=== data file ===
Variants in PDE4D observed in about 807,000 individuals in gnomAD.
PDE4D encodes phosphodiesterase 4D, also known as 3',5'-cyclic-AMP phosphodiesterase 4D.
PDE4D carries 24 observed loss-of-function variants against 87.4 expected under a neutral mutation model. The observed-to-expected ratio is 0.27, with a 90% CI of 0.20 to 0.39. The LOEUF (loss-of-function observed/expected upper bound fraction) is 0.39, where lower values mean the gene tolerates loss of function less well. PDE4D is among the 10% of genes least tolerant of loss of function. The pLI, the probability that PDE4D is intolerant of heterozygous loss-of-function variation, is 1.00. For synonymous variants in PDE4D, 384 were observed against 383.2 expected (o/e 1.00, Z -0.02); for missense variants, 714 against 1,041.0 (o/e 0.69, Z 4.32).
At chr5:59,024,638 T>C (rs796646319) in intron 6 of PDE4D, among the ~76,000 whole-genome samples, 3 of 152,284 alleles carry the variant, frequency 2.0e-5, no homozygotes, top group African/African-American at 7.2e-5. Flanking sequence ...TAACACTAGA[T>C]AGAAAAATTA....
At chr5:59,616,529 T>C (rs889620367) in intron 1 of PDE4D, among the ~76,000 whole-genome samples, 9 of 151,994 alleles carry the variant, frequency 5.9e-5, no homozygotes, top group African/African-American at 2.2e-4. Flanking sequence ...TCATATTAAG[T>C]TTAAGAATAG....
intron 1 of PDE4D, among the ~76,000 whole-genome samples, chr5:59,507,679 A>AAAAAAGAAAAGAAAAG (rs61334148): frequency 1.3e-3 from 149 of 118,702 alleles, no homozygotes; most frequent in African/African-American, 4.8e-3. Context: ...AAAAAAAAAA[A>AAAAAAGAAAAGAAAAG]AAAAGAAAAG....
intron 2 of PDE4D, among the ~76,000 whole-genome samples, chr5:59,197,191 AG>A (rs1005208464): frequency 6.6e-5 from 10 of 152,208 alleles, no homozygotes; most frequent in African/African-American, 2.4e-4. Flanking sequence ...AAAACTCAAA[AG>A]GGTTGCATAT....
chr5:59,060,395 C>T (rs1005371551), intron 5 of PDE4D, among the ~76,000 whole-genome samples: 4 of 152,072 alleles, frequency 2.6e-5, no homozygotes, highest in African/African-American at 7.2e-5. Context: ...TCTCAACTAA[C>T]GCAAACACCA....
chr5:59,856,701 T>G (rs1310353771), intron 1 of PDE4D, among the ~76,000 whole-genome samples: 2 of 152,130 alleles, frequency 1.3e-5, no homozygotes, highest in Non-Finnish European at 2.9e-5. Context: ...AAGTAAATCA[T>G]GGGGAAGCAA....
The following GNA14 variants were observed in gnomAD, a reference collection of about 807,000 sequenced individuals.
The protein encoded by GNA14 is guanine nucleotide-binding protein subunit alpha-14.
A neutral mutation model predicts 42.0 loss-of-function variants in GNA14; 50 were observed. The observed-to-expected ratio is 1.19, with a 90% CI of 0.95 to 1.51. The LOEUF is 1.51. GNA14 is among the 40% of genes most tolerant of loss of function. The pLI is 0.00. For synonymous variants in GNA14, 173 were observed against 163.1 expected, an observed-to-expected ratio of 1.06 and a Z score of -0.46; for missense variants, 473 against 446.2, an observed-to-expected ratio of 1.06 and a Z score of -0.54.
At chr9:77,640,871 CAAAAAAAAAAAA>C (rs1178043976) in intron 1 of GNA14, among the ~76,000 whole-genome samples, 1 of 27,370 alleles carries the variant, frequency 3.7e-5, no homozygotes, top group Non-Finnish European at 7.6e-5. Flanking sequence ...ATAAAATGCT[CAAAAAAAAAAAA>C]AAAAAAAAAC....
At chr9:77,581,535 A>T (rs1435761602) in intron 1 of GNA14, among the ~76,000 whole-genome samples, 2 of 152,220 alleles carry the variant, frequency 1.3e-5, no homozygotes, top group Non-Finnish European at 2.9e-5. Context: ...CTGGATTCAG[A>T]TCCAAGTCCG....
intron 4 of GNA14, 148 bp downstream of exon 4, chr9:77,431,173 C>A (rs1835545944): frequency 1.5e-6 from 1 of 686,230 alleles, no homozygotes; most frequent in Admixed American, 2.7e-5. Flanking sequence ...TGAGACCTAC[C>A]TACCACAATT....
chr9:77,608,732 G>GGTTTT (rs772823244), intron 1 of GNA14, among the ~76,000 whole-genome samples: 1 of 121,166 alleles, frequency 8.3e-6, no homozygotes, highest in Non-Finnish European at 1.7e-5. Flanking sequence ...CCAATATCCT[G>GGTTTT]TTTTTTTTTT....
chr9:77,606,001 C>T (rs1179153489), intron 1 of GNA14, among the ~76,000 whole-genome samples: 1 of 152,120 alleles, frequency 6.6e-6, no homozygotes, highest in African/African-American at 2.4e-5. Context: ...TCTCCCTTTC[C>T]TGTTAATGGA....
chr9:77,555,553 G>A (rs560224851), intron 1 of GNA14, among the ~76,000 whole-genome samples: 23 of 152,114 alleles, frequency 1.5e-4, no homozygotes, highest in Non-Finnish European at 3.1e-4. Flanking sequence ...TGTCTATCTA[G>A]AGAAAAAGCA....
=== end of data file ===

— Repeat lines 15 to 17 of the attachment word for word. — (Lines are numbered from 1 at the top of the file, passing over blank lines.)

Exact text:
intron 4 of GNA14, 148 bp downstream of exon 4, chr9:77,431,173 C>A (rs1835545944): frequency 1.5e-6 from 1 of 686,230 alleles, no homozygotes; most frequent in Admixed American, 2.7e-5. Flanking sequence ...TGAGACCTAC[C>A]TACCACAATT....
chr9:77,608,732 G>GGTTTT (rs772823244), intron 1 of GNA14, among the ~76,000 whole-genome samples: 1 of 121,166 alleles, frequency 8.3e-6, no homozygotes, highest in Non-Finnish European at 1.7e-5. Flanking sequence ...CCAATATCCT[G>GGTTTT]TTTTTTTTTT....
chr9:77,606,001 C>T (rs1179153489), intron 1 of GNA14, among the ~76,000 whole-genome samples: 1 of 152,120 alleles, frequency 6.6e-6, no homozygotes, highest in African/African-American at 2.4e-5. Context: ...TCTCCCTTTC[C>T]TGTTAATGGA....